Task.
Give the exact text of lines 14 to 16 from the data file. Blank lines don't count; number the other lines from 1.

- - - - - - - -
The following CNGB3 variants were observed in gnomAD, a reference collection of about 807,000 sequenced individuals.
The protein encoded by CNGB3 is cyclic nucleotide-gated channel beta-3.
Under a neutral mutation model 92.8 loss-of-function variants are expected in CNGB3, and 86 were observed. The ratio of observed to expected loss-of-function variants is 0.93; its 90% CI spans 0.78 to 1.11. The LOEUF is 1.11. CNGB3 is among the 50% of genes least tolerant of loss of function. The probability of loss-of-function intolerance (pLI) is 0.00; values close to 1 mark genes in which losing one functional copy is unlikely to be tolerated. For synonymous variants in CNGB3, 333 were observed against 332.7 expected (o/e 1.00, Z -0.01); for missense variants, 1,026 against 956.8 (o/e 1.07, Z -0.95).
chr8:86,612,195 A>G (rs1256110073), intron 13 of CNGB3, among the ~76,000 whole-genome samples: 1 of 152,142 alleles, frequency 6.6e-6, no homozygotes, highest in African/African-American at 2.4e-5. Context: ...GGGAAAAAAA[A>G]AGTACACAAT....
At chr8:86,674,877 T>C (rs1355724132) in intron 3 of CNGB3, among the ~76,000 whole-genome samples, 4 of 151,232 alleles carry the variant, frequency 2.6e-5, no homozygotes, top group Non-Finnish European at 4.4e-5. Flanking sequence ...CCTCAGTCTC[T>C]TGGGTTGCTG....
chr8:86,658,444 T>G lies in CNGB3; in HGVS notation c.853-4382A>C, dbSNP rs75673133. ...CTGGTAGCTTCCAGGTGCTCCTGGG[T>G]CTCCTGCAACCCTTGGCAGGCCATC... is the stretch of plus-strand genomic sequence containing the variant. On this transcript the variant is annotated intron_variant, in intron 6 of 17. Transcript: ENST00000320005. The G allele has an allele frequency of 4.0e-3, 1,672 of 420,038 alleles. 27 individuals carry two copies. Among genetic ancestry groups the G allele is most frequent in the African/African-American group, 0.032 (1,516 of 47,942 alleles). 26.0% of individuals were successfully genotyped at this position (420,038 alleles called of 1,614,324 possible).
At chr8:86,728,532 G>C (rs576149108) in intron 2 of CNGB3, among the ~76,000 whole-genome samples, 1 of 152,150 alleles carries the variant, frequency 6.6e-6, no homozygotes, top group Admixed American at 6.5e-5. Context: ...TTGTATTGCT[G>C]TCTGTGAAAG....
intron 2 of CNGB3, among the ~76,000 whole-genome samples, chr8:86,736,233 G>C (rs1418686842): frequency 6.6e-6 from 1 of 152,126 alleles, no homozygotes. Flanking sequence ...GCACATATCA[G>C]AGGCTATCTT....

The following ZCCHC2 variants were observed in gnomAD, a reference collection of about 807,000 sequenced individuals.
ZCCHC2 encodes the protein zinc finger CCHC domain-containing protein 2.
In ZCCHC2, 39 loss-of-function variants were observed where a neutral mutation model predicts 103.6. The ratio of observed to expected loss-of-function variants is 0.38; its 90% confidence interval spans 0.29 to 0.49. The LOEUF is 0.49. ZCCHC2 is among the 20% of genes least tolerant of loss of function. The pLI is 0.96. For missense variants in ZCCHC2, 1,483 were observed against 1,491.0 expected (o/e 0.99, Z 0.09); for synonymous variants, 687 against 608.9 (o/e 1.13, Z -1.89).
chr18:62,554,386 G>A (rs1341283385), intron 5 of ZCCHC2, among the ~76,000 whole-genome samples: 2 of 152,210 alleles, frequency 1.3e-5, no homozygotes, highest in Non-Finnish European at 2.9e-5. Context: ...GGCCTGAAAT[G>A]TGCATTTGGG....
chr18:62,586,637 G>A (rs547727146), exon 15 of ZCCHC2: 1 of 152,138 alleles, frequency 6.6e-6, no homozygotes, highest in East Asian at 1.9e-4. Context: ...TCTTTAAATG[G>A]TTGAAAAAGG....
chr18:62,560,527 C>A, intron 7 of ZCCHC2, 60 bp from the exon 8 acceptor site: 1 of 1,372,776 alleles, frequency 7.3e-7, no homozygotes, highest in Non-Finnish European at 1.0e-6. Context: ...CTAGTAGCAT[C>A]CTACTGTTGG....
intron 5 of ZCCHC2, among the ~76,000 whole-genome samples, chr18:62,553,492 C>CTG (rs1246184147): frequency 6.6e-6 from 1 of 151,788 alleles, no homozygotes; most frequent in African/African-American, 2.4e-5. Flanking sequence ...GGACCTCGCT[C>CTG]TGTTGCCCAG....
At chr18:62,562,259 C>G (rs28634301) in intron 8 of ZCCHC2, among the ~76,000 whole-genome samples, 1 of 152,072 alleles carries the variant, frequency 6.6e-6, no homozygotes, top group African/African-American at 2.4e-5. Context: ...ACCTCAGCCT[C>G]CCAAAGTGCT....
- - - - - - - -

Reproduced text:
chr18:62,560,527 C>A, intron 7 of ZCCHC2, 60 bp from the exon 8 acceptor site: 1 of 1,372,776 alleles, frequency 7.3e-7, no homozygotes, highest in Non-Finnish European at 1.0e-6. Context: ...CTAGTAGCAT[C>A]CTACTGTTGG....
intron 5 of ZCCHC2, among the ~76,000 whole-genome samples, chr18:62,553,492 C>CTG (rs1246184147): frequency 6.6e-6 from 1 of 151,788 alleles, no homozygotes; most frequent in African/African-American, 2.4e-5. Flanking sequence ...GGACCTCGCT[C>CTG]TGTTGCCCAG....
At chr18:62,562,259 C>G (rs28634301) in intron 8 of ZCCHC2, among the ~76,000 whole-genome samples, 1 of 152,072 alleles carries the variant, frequency 6.6e-6, no homozygotes, top group African/African-American at 2.4e-5. Context: ...ACCTCAGCCT[C>G]CCAAAGTGCT....